2016
Mizuno
NightHawk
1

2016 Mizuno NightHawk Review: BBCOR, Big Barrel and Youth Hybrids

We spent 2 hours in the cage with the new 2016 Mizuno NightHawk baseball bat (Amazon Price Check) and another 1 hour reading online reviews and message forums. We found, on the whole, most are quite a bit excited about this two-piece hybrid from Mizuno and, from the few that have hit with it (including us), we believe it fills a great niche in the lighter swinging hybrid bats market.


NightHawk Video

2016 NightHawk Models

Models Overview

We’d recommend the 2016 Mizuno Nighthawk to hitters who prefer two-piece bats yet need or want a lighter swing. Also, those who need or want a bat that still feels stiff but doesn’t come with the associated hand sting are looking at the right bat in the 2016 Mizuno Nighthawk.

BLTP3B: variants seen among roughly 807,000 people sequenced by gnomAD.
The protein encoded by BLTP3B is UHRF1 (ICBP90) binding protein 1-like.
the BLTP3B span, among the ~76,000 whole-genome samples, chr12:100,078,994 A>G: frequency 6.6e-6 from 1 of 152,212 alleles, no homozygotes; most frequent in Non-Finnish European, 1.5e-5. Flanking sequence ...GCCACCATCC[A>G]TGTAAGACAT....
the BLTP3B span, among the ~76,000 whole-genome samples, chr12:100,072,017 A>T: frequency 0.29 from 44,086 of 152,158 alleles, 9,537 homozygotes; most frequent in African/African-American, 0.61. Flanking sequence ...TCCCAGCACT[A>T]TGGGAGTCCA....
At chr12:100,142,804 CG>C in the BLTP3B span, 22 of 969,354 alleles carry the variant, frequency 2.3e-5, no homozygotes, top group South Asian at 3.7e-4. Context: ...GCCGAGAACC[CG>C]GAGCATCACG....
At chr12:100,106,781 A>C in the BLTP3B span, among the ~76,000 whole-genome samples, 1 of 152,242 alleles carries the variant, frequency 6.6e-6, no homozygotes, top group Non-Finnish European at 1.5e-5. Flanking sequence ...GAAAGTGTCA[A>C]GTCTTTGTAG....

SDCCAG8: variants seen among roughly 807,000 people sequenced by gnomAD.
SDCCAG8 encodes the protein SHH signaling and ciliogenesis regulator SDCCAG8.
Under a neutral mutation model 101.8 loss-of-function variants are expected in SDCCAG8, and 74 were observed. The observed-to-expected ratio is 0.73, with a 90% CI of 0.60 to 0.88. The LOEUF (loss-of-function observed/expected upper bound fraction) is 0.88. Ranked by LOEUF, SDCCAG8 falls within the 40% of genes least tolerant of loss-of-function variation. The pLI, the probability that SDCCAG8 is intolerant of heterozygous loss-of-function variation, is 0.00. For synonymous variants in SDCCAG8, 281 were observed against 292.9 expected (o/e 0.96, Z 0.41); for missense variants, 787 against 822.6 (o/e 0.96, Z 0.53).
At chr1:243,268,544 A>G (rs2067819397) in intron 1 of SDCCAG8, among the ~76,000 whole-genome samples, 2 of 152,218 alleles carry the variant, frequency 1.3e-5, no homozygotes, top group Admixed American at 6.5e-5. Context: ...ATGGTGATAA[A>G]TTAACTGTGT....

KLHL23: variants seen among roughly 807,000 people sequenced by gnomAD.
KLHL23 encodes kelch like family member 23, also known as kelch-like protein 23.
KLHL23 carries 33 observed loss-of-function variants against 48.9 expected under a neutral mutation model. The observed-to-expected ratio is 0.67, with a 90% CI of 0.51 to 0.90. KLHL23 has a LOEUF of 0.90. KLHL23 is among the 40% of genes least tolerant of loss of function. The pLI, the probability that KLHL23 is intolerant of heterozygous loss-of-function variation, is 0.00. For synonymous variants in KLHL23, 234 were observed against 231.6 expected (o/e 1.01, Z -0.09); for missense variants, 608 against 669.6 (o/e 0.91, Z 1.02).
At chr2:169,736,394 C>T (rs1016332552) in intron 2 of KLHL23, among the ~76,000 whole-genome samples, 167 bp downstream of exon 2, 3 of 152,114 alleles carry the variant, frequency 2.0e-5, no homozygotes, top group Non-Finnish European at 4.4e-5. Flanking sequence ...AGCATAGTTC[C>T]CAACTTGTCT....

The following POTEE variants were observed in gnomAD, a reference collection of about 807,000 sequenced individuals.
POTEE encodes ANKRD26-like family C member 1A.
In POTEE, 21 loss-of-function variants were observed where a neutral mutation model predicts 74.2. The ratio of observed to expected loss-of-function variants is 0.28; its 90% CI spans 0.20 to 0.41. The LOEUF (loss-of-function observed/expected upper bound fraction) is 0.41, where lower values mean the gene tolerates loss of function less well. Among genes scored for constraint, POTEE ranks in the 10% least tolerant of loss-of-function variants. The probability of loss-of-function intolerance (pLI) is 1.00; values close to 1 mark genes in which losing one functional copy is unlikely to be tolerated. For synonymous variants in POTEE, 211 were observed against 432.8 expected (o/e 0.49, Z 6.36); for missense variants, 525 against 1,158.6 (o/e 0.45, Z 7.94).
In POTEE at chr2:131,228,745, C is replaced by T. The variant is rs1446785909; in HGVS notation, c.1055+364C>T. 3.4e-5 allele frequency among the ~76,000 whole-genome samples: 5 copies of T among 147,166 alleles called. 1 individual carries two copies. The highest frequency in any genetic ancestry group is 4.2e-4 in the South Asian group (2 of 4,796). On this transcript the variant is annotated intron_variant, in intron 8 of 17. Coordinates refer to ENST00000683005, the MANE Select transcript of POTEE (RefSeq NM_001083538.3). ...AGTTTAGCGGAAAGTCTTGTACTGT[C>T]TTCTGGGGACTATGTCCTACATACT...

General Recommendations

The 2016 Mizuno Nighthawk might have become a one-hit-wonder had any player actually wondered about it. This was a weird aberration on the Mizuno front with a one year release of the bat and then a transition into the Carbon and Hot Metal series of bats. It was too easily confused with the Nighthawk in their fastpitch line and few ever gave it a chance. In the end, the bat is perfectly reasonable and, you can be sure, you’ll never find anyone else with this bat.

Reviews By Model

Comparable Bats

The Nighhawk is fairly unique considering its light swinging hybrid design with variable wall thickness. The only baseball bat we can think of which comes in a two-piece hybrid with variable wall thickness is the 2015 or 2016 Rawlings TRIO. However, the TRIO has an extended composite end cap which gives it a longer barrel (at least in the BBCOR) by about 1 1/2 inches. As well, the TRIO’s swing weight, by our calculation, ends up ever so slightly heavier than the 2016 Mizuno Nighthawk. Other similar bats in terms of lighter swinging true hybrids would be the DeMarini NVS Vexxum and the Easton Mako Hybrid.